The CTBUH is a non-profit organisation that is involved in the future of cities. They understand how density and verticality can support sustainability and healthy cities worldwide while also dealing with the effect of climate change. They also understand and study the relationship between buildings, people, policy, urban pace, interior space and infrastructure. 

Youtube for Architects: ‘Smart Cities / Smart Buildings’ seminar- Zaha Hadid Architects Sheet1
© CTBUH

RIBA (Royal Institute of British Architects) is an architectural body that is based out of London for professionals in the UK with the intent of advancing in architecture as a broad field. This organisation has existed since 1837 and has established a strong foothold not just in the UK but also internationally. Their motto has been Usui civium, decori urbium which translates to ‘for the use of the people, for the glory of the city.’, which they have propagated by promoting architectural education, conducting award ceremonies and competitions. It evaluates existing city structures and envisions sustainable, resilient cities for the future through a science-informed approach.

The UK chapter of CTBUH hosted a panel discussion in collaboration with Zaha Hadid architects and in partnership with ABB about smart cities and the various interdisciplinary experts within the field. The moderator for the discussion was a British writer and commentator on architecture and the built environment Peter Murray of New London Architecture. Guest speakers were:

– Simon Giles of Tyrens, London

– Carolyn Dwyer of City of London Corporation

– David Nicholl of ABB

– Patrik Schumacher of Zaha Hadid Architects

Youtube for Architects: ‘Smart Cities / Smart Buildings’ seminar- Zaha Hadid Architects Sheet2
© wikipedia
Youtube for Architects: ‘Smart Cities / Smart Buildings’ seminar- Zaha Hadid Architects Sheet3
© Architecture & Design-Zaha Hadid Architects

Organisers Viviana Muscettola and Katrin Förster open the stage with a brief introduction to the various parties involved in the panel. The topic of Smart city and its very definition was outlined as the combination of technologies that interact with authorities,  communities or even individuals. The Smart City concept has been seen as a solution to contemporary urban problems. Right from climate change to increase in the urban density to financing these cities considering the growing older population into perspective. 3 areas that would be touched upon by the speakers would be:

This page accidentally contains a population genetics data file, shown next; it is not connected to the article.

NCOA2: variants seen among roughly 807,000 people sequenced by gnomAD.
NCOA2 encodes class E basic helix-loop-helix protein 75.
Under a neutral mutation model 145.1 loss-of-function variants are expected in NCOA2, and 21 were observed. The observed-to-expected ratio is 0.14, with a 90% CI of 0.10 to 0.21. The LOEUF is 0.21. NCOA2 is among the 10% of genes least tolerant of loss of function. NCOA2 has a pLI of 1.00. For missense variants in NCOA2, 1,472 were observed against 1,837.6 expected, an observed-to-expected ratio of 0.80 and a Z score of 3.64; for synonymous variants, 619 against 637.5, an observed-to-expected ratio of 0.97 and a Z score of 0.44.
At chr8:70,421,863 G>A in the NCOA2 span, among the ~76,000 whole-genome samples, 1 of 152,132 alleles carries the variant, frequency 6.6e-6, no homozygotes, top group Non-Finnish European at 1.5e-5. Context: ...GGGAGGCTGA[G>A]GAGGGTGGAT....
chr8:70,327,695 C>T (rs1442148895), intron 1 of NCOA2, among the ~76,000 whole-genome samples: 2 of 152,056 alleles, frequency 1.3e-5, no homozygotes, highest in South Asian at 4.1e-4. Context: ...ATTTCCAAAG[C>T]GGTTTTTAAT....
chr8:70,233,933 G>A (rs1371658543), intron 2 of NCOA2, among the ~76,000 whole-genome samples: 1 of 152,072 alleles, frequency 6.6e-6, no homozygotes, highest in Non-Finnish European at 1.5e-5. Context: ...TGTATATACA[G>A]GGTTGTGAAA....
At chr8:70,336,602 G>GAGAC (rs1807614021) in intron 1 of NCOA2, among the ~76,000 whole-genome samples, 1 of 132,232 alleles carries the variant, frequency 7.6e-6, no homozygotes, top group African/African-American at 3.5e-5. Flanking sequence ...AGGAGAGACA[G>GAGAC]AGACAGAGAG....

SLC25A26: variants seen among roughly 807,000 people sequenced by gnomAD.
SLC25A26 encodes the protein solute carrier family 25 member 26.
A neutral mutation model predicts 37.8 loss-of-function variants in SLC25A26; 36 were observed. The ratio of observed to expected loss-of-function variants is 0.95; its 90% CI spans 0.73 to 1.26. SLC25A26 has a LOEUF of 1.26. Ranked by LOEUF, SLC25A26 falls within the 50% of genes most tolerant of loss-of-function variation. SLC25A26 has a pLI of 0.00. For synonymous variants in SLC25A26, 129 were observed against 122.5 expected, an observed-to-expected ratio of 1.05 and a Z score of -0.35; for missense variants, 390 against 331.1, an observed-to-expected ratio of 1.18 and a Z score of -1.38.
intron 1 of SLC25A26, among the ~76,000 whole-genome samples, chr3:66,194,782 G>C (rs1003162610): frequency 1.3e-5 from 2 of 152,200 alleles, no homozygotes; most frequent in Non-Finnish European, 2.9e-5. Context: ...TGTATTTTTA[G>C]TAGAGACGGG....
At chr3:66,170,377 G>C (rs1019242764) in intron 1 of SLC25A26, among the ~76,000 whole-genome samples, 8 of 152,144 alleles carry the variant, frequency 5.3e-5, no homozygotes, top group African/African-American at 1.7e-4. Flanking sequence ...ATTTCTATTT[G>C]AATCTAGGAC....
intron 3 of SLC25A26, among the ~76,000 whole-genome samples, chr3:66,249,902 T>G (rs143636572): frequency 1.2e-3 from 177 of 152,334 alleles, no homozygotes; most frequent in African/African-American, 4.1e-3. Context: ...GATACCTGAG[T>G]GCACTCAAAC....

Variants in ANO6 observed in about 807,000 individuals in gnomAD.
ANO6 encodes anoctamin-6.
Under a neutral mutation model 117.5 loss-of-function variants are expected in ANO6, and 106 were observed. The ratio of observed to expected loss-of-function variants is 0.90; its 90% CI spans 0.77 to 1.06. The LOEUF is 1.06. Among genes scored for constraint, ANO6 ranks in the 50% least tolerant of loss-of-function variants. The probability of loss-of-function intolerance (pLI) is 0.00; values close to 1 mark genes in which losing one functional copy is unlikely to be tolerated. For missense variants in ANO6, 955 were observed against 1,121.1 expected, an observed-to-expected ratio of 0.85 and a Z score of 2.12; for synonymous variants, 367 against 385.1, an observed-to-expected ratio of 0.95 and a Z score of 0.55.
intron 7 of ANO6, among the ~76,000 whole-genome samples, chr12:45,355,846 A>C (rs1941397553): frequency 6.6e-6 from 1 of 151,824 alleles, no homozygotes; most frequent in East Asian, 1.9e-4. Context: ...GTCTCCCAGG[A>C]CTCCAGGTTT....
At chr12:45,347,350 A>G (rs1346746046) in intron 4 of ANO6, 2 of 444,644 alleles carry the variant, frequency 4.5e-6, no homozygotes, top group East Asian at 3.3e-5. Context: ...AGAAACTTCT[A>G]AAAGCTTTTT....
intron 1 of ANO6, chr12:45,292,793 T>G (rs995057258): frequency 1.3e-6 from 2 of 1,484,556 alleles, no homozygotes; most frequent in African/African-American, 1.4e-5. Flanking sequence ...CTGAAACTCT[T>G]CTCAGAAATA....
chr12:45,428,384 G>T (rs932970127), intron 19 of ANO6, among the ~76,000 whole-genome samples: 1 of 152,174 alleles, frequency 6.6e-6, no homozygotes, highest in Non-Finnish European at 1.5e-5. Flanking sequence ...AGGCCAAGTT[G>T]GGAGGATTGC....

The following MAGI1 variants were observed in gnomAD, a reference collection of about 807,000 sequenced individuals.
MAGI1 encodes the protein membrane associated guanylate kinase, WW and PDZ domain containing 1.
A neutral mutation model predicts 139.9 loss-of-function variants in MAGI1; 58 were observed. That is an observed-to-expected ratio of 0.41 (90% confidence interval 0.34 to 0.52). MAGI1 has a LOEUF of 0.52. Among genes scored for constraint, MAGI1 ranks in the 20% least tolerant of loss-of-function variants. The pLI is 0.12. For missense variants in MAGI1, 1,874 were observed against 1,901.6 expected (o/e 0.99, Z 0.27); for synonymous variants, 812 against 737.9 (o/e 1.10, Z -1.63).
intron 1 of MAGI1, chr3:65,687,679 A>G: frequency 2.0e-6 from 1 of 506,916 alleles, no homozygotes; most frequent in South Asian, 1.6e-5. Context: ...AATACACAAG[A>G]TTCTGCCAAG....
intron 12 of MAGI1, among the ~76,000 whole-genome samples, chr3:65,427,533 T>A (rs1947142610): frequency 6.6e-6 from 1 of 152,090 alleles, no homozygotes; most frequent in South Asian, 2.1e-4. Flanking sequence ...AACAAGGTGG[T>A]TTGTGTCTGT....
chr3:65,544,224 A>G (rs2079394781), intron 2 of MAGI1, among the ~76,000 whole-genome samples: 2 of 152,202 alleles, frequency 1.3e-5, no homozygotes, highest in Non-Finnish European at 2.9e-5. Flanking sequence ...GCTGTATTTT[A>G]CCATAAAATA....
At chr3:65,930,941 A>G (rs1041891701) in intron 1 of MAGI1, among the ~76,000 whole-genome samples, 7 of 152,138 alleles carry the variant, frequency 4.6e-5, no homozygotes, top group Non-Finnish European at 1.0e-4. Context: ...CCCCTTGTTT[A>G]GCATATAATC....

1. Communication- between government agencies, macro population or micro population or at an individual level. Dwelling on the ideas as to how a building communicates with the city.
  2. AI (Artificial Intelligence)- how this technology has advanced in the coming years from a cloud database to a software that provides measurable algorithms to determine outcomes of certain strategies  
  3. Optimisation of natural resources- right from conserving water, to generating renewable energy but also sharing facilities and generating power within the building for its sustenance.

The larger goal of a Smart City is to elevate the quality of life, by improving the air quality, providing work opportunities, etc.

The host, Peter Murray is currently Chairman of New London Architecture and the London Society. He also curated a number of major exhibitions at the Royal Academy including the 1986 New Architecture: the work of Foster, Rogers, Stirling, and Living Bridges in 1996.

He briefly talks about the positive outcomes of how the development of tall buildings in Central London digitally using computer-aided simulations would bring in new developers and investments into the city. 

Interestingly there is a mention of Quayside, Toronto which is a waterfront district slated for redevelopment and how investments from agencies like Sidewalk Labs and Google could bring in the required investments for projects of that scale.